Of course, these peripheral areas are also in many cases the progressive avant-guard of the state and have been so for centuries already, but it is very difficult for a party to fly an understanding discourse with Catalan or Basque grievances and get any sympathies in core Spain, entrenched in Greater Castilian (alias Spanish) nationalism. 

Another reason for their relatively weak performance in core Spain is that they wrongly chose to run separately from United Left, with whom they formed coalitions in several countries (Valencia, Catalonia, Galicia) but not elsewhere. This stubbornness about running solo in core Spain is not justified and has clearly damaged them. I haven't got time to study how many seats they have lost for this stupid reason but my hunch is that around a dozen, enough to form a coalition government with the PSOE probably, one in which they could be leaders even.  

Update: Podemos+IU would have got 14 extra seats according to El Diario, mostly at the expense of the PP (-9) and C's (-4):

If Podemos+IU would have run together (right) compared with actual results (left)

This would have allowed for a left-leaning PSOE+Podemos+coalition government, short of just 3 seats to get absolute majority. Tactical support by Basque or Catalan nationalists would still be needed but feasible, particularly if institutional reform in federalist direction was agreed upon.

(Note: the El Diario's estimate seems to be missing two seats from the total count, not sure why. In any case they have an excellent 25 panels' analysis of the elections that I must recommend). 

On the good side, they have consolidated their position in places like Madrid, Cádiz or Asturias, with interesting results also in places like Burgos, La Rioja, Valladolid, León and quite markedly in Canary Islands too. Overall they appear very strong but let's be clear: (1) they could have been stronger in coalition with United Left and (2) many of their votes are borrowed from the nationalist or federalist ethnic left or direct product of the coalition with them (Valencian Country, Galicia, Huesca province).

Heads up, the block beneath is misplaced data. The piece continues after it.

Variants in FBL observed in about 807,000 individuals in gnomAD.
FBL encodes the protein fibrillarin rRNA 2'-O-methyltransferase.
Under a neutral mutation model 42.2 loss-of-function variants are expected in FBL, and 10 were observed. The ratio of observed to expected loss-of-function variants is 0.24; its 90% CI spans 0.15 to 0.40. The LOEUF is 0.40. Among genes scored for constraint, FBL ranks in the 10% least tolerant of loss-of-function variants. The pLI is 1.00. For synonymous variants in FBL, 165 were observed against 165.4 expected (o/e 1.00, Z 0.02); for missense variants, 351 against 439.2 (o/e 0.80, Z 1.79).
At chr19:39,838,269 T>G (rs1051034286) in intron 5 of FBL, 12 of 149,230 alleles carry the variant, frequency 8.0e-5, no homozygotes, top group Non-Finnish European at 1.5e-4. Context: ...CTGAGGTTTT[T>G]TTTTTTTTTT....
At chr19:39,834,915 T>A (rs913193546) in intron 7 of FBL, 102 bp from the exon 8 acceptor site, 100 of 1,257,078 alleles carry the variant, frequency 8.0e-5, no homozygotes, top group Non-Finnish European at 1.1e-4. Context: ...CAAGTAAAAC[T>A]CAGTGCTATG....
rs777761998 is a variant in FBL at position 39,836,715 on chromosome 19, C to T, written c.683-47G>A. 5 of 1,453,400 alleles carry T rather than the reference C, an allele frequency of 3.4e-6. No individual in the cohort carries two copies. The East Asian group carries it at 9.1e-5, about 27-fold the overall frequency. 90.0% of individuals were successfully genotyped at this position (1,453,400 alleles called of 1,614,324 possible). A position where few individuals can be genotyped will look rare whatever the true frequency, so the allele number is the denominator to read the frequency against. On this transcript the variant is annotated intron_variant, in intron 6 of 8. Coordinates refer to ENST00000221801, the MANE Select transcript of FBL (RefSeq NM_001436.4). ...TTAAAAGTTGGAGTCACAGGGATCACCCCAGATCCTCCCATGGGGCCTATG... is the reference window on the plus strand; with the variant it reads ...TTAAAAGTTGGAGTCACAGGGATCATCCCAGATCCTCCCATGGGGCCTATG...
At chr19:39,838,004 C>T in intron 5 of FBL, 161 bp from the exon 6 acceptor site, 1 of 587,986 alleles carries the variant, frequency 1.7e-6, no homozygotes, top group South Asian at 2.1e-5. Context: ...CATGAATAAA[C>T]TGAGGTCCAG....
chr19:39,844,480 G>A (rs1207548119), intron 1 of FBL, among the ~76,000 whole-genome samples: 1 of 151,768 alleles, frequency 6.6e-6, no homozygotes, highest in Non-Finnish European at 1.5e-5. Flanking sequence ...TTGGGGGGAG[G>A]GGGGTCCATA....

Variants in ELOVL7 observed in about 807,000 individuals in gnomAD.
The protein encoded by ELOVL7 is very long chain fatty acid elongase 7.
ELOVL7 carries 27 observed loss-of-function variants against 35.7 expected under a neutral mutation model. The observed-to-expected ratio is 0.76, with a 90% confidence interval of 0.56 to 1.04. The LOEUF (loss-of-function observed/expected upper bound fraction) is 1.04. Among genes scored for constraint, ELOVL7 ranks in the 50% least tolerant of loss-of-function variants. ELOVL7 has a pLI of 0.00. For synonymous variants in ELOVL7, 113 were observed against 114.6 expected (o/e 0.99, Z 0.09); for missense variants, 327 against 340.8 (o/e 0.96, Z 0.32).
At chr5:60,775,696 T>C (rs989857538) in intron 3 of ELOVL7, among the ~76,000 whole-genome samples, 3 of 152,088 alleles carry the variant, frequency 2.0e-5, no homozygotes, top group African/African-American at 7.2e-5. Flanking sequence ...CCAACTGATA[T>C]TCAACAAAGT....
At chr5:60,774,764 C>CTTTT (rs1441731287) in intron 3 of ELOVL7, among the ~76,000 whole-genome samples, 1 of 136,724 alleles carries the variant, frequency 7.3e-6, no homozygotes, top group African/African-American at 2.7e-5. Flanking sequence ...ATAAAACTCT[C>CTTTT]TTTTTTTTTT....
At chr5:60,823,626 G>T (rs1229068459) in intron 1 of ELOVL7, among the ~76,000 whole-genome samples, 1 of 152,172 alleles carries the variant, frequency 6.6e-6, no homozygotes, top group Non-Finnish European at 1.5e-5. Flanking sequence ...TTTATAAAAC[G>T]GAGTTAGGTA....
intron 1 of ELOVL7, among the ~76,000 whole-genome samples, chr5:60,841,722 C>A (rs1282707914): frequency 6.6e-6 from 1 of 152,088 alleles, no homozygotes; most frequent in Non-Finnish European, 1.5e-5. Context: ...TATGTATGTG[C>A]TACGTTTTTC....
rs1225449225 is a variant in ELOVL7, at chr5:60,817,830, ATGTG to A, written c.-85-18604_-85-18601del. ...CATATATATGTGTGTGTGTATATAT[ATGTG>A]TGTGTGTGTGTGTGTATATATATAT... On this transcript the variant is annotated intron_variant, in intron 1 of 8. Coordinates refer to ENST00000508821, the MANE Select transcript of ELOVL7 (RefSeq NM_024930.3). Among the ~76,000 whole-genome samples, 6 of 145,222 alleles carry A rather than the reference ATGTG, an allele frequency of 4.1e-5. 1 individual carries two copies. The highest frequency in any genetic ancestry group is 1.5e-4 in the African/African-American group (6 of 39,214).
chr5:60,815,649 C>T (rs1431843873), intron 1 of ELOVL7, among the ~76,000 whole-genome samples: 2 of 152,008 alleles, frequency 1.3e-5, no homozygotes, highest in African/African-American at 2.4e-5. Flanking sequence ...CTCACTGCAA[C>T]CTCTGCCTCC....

Notes on Catalonia and the Basque Country

Catalonia is immersed in a secessionist process with a strong enough majority formed by three parties: DL (center-right), ERC (center-left) and CUP (radical grassroots left). The former two run in coalition to the so-called plebiscitary elections in September and came short of a majority, awaiting till present day some sort of arrangement with CUP. CUP does not run to the Spanish elections and called for abstention, however it's probable that many of its voters chose to vote either ERC (which included a CUP member in their list) or En Comú Podem (the wide Barcelona-inspired coalition in which Podemos, but also United Left, participated). These two lists came second and first in Catalonia, with DL coming fourth and PSOE third (the vote was quite fragmented).

Overall a possible interpretation is that the leftist ideas are strong in Catalonia and that Artur Mas (DL) should probably allow someone more to the left to become the President, what would be surely supported by the CUP. This would put the independence process back on track, being a key issue in the institutional crisis that Spain is going through. One that has no easy legal solution but that may well be decided by unilaterally by Catalans themselves. Or so they are set to do in any case.

In the Basque Country I have to underline the very poor performance of the leftist nationalist Euskal Herria Bildu coalition. It owes probably to several reasons: on one side it is a key state election in which the all-Spain parties (namely Podemos) get all the attention and interest, more so as they are openly in favor of self-determination, on the other side there is a rather strong undercurrent of criticism to the current party-centered structures and way-too-moderate attitudes of the coalition. This may have led many to either abstain or vote for Podemos, arguably a more participative party.